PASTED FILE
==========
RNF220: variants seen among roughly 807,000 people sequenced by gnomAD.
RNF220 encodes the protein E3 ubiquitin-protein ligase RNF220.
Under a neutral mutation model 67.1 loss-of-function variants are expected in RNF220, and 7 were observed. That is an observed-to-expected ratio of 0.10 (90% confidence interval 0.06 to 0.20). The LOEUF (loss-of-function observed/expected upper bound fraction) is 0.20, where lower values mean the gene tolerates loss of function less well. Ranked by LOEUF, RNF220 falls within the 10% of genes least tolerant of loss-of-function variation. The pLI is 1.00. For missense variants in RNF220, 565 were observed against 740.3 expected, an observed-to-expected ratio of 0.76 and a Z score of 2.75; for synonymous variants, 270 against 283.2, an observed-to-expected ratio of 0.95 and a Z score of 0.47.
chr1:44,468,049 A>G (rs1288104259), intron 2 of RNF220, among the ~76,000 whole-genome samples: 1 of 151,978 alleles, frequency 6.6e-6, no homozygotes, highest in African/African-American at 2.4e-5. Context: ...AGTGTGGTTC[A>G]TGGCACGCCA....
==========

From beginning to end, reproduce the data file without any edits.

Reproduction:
RNF220: variants seen among roughly 807,000 people sequenced by gnomAD.
RNF220 encodes the protein E3 ubiquitin-protein ligase RNF220.
Under a neutral mutation model 67.1 loss-of-function variants are expected in RNF220, and 7 were observed. That is an observed-to-expected ratio of 0.10 (90% confidence interval 0.06 to 0.20). The LOEUF (loss-of-function observed/expected upper bound fraction) is 0.20, where lower values mean the gene tolerates loss of function less well. Ranked by LOEUF, RNF220 falls within the 10% of genes least tolerant of loss-of-function variation. The pLI is 1.00. For missense variants in RNF220, 565 were observed against 740.3 expected, an observed-to-expected ratio of 0.76 and a Z score of 2.75; for synonymous variants, 270 against 283.2, an observed-to-expected ratio of 0.95 and a Z score of 0.47.
chr1:44,468,049 A>G (rs1288104259), intron 2 of RNF220, among the ~76,000 whole-genome samples: 1 of 151,978 alleles, frequency 6.6e-6, no homozygotes, highest in African/African-American at 2.4e-5. Context: ...AGTGTGGTTC[A>G]TGGCACGCCA....